Donnerstag, 5. Januar 2012

Role of God/s as Moral Justifiers

Gods, as the explanations of awe-inspiring natural phenomena, is the usual means through which one analyses the concept. But beyond 'God the Creator', there exists a deeper and more important character associated with God/s that is often either overlooked or under-emphasized. That role is the natural justification of a system of morality.

Man can not rule Man:

The title here is the description of the phenomenon of anti-incumbency. As soon as a sufficiently rebellious person realizes that a given edict of law is simply a creation of Man (synthetic), he automatically decides that there is no particular reason he should be bound by it. The resultant is of course the emergence of factions that oppose the current set of laws governing the behavior of men. 

I have tried to consistently put forth that Morality is Normative in nature by definition; a well known but ill-understood fact. I'm hardly the only one to realize the result of the fact that 'Man cannot rule man' and the non-objective nature of Morality means that some inhuman, nay, superhuman entity must declare their support for edicts of man. This purpose is often served by gods. The religious texts i.e. the scriptures are exactly that: The divine Justifiers of laws of Mortal making. Any organization that creates such rules, at some point MUST run against this inevitable obstacle where they can NOT offer any explanation as to what makes their decisions and authority superior to those of other men. In an amazing act of literal self-less-ness they choose to preserve their creation over their name by ascribing the authorship of the text to Gods.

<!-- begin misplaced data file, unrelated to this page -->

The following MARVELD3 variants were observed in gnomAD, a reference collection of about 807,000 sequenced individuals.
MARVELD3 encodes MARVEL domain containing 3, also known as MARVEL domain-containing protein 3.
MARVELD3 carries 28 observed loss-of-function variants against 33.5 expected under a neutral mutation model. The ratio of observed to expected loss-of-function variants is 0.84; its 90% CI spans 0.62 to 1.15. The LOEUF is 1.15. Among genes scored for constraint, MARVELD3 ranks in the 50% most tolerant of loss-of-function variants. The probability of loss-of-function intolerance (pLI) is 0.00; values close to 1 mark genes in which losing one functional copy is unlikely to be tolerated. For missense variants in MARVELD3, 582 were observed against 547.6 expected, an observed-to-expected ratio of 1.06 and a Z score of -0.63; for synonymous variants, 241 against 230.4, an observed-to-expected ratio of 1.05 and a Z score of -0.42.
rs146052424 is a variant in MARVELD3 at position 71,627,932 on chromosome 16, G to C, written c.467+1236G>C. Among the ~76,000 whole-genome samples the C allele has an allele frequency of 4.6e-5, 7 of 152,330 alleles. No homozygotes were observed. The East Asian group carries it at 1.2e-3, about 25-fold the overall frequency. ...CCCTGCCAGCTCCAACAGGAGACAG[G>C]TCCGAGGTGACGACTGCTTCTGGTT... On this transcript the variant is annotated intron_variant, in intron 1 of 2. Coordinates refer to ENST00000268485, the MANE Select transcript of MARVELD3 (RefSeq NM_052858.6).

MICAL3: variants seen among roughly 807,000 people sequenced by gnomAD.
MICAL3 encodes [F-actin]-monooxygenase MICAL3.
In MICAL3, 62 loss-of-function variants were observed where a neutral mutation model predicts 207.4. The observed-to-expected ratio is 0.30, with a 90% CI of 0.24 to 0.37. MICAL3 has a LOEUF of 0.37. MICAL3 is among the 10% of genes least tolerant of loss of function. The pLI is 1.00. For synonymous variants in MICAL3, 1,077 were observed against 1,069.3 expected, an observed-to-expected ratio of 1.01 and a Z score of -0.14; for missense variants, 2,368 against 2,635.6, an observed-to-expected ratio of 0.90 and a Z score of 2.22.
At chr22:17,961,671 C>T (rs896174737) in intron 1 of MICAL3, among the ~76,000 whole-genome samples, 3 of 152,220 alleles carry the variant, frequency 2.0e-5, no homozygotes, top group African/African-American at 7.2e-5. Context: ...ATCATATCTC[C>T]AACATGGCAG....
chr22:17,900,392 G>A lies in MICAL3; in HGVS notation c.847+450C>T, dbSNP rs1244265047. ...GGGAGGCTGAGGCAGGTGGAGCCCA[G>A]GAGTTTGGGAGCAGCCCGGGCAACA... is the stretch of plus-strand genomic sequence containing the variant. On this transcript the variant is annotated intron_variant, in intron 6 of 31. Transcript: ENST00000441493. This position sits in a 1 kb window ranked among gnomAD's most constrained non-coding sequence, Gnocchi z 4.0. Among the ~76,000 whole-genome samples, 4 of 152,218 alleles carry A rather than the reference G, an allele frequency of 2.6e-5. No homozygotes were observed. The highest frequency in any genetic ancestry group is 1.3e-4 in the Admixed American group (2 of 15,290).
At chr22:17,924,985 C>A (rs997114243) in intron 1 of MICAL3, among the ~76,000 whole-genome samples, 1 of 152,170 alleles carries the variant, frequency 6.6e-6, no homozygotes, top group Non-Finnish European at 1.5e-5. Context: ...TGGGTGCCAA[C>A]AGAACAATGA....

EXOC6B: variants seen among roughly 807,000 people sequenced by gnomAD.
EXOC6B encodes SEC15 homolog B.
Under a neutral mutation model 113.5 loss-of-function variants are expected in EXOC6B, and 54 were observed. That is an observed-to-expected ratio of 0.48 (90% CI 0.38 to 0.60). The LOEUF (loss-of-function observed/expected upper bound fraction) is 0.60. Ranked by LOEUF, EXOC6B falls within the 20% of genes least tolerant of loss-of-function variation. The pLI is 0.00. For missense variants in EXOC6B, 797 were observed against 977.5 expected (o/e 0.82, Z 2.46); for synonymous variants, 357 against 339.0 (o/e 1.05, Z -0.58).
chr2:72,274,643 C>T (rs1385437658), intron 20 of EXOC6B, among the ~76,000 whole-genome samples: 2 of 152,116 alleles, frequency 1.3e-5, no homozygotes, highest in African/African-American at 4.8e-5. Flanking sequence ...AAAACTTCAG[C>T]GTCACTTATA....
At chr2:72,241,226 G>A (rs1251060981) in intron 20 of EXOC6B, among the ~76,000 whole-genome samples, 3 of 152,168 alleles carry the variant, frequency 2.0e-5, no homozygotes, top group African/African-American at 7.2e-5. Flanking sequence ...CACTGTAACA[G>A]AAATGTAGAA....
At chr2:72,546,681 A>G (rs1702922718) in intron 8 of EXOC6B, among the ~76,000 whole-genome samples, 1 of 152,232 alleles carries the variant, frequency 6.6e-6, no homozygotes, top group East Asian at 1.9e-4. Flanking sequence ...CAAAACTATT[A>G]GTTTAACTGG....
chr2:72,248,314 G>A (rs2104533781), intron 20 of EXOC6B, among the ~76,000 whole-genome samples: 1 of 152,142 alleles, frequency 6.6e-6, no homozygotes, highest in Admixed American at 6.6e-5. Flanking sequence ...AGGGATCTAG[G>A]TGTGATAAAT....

Now, this concept is a secondary trait of god, beyond their primary function as creators of Mortal worlds. But since His role in creation has LESS to do with mundane Mortal affairs than the regulation of everyday behavior, the secondary trait easily takes over as the chief function of the gods. A secondary function is NOT a function of less importance as language might lead you to believe but rather a function that depends on the primary. 

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